In recent years, Brazil has experienced challenging times politically, socially, and economically. What effect has this had on the cultural and artistic world there, particularly contemporary jewelry?
Ana Passos: It’s almost impossible to create without considering our current circumstances, both locally and globally. Jewelry artists are more and more interested in local arrangements that allow a more complex discussion of our reality. They are exploring possibilities within the country and the region, partnerships across Latin America. There is an understanding that identity, ancestrality, and diversity are important issues to address in the coming years.
People are becoming more interested in the history of jewelry, but beyond a Eurocentric perspective. A new interest in adornment of other groups is visible: original peoples, those brought to the continent as an enslaved population, immigrants from all around the world who arrived here in the 20th century.
Other subjects have become even more relevant during the pandemic. Citizen participation, sustainability, and climate change are frequent subjects and art jewelry reflects it. There are still plenty of misleading ideas and a lot of greenwashing, but we are progressing quickly.
Reality is once again an important theme for jewelry. Concepts widely discussed in public and private life are beginning to be incorporated again. The crisis is above all aesthetic. Sometimes I find myself wondering if this is not what we needed to reinvent ourselves as humanity and as jewelry artists.
What is your professional focus right now?
Ana Passos: Focus? I don’t believe I can use the word. I can tell you about my three main activities right now and for the time being. I’m redesigning the project I presented for the grant. I’m in negotiation with a person interested in sponsoring an important part of it. Like me, that person believes that those jewelry artists deserve to have their stories told and their art known by a broader audience.
I have ongoing educational projects in partnership with Atelier Mourão and Galeria Alice Floriano. We are exploring new approaches to old problems. That is a direct result of the pandemic: online contact with people from all over the country, all over the planet.
Finally, my work as a maker has been dramatically affected by all this research and writing. After years of a very commercial approach to jewelry making—which I confess financed all the other activities—I’m inclined to go back to a more authorial endeavor.
What are your thoughts about the importance of opportunities like the Susan Beech Mid-Career Grant for the field? What about for you as a finalist?
Ana Passos: The Susan Beech Mid-Career Grant is so important for the jewelry community. We do need more and more in-depth works—both artistic and academic—that can contribute to the development of our field. Just applying is a great opportunity because it obliges us to put into writing a project.
Though I was not the recipient of the grant, there was a tangible win in taking second place. (By the way, Iris Eichenberg is a powerhouse who truly deserved the prize!) It elevated my spirit. A lot. The project that I’ve been nurturing for so many years—and here is the importance of the mid-career concept—was considered meaningful and relevant. I will pursue its completion and for that I have these new credentials. I believe that all the other finalists were just as energized as I was and I hope they will be able to find other sources for financing their projects.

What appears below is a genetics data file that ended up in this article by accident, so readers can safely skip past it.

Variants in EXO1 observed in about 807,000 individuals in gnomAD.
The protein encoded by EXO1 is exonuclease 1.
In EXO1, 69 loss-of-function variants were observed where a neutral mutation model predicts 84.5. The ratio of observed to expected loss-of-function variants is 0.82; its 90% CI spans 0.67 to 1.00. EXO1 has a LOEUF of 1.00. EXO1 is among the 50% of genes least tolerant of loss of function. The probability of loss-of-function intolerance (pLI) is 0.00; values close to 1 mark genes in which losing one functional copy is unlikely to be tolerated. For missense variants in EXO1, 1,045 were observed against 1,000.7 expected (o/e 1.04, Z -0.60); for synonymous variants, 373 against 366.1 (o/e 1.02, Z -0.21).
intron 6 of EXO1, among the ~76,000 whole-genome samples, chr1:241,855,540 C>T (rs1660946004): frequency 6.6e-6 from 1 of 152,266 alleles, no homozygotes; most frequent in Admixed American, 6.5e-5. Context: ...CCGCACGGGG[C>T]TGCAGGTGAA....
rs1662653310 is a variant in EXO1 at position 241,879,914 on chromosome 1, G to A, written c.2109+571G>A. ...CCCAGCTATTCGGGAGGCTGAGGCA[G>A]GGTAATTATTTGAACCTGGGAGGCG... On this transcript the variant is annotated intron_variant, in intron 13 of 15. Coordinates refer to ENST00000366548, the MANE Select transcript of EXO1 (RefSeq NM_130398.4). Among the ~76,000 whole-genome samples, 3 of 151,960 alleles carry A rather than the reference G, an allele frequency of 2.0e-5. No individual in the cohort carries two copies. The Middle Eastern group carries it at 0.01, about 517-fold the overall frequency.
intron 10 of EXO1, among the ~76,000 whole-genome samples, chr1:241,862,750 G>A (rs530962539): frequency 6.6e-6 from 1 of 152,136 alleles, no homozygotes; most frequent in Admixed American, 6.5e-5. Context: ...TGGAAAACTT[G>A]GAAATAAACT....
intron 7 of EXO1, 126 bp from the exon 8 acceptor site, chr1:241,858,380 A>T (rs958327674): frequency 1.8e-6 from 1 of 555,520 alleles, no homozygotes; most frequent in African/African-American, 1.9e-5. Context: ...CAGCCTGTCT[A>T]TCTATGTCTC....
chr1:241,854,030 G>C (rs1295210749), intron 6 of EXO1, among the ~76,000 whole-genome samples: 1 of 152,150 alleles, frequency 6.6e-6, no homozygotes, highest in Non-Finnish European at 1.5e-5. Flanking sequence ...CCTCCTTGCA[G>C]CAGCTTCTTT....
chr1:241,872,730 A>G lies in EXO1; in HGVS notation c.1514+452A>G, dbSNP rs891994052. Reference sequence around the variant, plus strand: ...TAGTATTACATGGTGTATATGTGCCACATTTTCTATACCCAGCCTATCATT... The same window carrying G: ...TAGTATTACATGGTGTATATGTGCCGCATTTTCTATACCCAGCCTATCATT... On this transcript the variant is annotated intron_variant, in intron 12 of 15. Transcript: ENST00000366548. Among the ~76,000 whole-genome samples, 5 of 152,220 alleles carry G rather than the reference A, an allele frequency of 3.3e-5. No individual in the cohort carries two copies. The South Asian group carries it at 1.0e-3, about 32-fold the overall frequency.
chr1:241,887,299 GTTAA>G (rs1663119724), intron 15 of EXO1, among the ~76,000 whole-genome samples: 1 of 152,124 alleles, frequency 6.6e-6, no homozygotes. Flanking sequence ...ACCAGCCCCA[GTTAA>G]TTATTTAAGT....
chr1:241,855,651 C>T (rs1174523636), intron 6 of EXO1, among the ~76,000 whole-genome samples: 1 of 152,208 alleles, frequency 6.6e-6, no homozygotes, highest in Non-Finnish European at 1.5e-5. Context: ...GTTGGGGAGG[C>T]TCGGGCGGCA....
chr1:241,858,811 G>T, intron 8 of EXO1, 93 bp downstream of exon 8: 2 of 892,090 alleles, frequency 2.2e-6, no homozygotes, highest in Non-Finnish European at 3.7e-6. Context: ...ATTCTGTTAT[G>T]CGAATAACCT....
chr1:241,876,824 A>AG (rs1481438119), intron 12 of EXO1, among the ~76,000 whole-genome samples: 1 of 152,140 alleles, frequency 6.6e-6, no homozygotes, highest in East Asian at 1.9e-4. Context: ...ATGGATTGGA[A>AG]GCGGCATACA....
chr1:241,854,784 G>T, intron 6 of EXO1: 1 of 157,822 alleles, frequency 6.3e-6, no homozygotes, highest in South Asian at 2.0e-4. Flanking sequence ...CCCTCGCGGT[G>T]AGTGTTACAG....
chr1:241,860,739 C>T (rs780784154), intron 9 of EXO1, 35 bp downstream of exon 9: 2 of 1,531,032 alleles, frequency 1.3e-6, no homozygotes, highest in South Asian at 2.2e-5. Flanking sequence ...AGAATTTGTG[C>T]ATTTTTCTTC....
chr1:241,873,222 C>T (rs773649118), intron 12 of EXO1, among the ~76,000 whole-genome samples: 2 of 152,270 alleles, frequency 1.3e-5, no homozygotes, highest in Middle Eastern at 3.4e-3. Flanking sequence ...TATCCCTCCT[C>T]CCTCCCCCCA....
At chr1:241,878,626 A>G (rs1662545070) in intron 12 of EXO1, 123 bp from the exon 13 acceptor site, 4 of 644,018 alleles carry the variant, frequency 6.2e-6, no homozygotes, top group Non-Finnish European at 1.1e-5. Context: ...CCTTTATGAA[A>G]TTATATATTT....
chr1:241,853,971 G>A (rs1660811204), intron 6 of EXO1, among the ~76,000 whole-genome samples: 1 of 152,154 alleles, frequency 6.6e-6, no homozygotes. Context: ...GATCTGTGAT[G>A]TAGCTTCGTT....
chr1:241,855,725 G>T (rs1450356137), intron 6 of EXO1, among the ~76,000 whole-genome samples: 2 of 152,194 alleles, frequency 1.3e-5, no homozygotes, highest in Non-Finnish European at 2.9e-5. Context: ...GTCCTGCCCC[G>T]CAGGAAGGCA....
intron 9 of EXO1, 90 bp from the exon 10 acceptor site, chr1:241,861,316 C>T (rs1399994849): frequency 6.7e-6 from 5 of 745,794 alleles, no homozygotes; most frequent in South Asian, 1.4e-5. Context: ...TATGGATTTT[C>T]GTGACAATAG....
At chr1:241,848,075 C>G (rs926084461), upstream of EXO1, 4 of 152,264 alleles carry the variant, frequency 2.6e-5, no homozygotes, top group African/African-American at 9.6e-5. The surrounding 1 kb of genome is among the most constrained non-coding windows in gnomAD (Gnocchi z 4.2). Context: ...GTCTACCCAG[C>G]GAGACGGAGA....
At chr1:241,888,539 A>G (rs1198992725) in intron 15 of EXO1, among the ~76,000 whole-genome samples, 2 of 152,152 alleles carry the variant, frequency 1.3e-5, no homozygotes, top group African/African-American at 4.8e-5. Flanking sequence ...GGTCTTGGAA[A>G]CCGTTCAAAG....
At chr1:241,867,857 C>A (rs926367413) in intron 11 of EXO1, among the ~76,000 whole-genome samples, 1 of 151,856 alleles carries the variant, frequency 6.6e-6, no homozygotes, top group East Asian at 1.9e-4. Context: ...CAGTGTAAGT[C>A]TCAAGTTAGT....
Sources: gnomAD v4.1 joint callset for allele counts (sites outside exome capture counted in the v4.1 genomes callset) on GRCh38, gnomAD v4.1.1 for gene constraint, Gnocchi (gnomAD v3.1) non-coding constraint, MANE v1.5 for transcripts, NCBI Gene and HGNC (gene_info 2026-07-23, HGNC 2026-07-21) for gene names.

I’ll be always grateful for the validation, the recognition, and the visibility of my project. It took me a while after the announcement to realize the importance of the achievement. It came from my Brazilian colleagues who one after the other stressed its importance precisely because we are on the periphery of the jewelry scene. They made me realize that it was our prize.
And so I take the opportunity to say that Art Jewelry Forum is one of the most precious resources of information, especially for those of us spread around the world.
What have you read or seen lately that has made an impact on you that you’d like to share with readers?
Ana Passos: Right now, I’m reading Li Edelkoort’s Labour of Love, published at the end of 2020. It’s a beautiful publication. As one of the most important trend forecasters we have today, she presents a renaissance of a craftsmanship—broadly, rather than in any specific fields—that combines a comeback of interest in natural materials and ancient techniques with the most recent technological research on those topics. It is thought-provoking and opens many possibilities for jewelry development.
I’m also interested in publications related to decolonial and feminist approaches, a possible shift to what have been called the epistemologies of the South, and the concept of the Anthropocene. The works of Chimamanda Ngozi Adichie, Ailton Krenak, Boaventura de Sousa Santos, and Bruno Latour are present in my lectures and classes, and their ideas have even been influencing my work on the bench as well. I see new developments in my work on the horizon.
I would suggest two Brazilian movies that I recently watched again for those who are interested in our culture and something that has been called lately the deep Brazil: Central Station (Walter Salles, 1998) and Bacurau (Kleber Mendonça Filho & Juliano Dornelles, 2019). Both are internationally acclaimed movies and a little bit disturbing.
On a lighter note, who can resist the British reality show All That Glitters? It’s amazing to see a jewelry studio on TV!
Thank you very much, Ana. Many congratulations on being a finalist and all best wishes to you!